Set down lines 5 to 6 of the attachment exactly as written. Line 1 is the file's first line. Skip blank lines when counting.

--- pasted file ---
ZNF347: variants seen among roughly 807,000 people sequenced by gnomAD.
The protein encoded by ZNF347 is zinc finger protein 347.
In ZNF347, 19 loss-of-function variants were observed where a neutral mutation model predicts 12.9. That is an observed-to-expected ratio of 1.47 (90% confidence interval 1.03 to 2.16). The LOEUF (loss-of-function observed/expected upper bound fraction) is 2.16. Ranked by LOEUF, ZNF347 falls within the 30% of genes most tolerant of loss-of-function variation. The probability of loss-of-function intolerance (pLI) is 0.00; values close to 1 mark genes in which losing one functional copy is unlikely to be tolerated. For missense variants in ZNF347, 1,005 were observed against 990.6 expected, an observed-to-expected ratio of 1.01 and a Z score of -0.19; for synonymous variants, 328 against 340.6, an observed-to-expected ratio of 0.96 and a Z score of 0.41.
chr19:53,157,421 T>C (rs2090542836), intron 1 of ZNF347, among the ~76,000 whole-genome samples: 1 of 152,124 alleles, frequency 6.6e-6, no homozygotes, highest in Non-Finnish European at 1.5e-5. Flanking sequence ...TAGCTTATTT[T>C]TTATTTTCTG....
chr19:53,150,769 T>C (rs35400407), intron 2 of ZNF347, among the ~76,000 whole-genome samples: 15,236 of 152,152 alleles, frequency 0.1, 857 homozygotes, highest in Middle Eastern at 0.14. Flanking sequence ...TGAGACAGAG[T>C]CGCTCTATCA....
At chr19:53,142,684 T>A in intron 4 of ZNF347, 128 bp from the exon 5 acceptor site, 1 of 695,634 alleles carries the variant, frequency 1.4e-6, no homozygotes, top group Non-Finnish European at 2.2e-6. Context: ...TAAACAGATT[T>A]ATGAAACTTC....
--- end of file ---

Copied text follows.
chr19:53,150,769 T>C (rs35400407), intron 2 of ZNF347, among the ~76,000 whole-genome samples: 15,236 of 152,152 alleles, frequency 0.1, 857 homozygotes, highest in Middle Eastern at 0.14. Flanking sequence ...TGAGACAGAG[T>C]CGCTCTATCA....
At chr19:53,142,684 T>A in intron 4 of ZNF347, 128 bp from the exon 5 acceptor site, 1 of 695,634 alleles carries the variant, frequency 1.4e-6, no homozygotes, top group Non-Finnish European at 2.2e-6. Context: ...TAAACAGATT[T>A]ATGAAACTTC....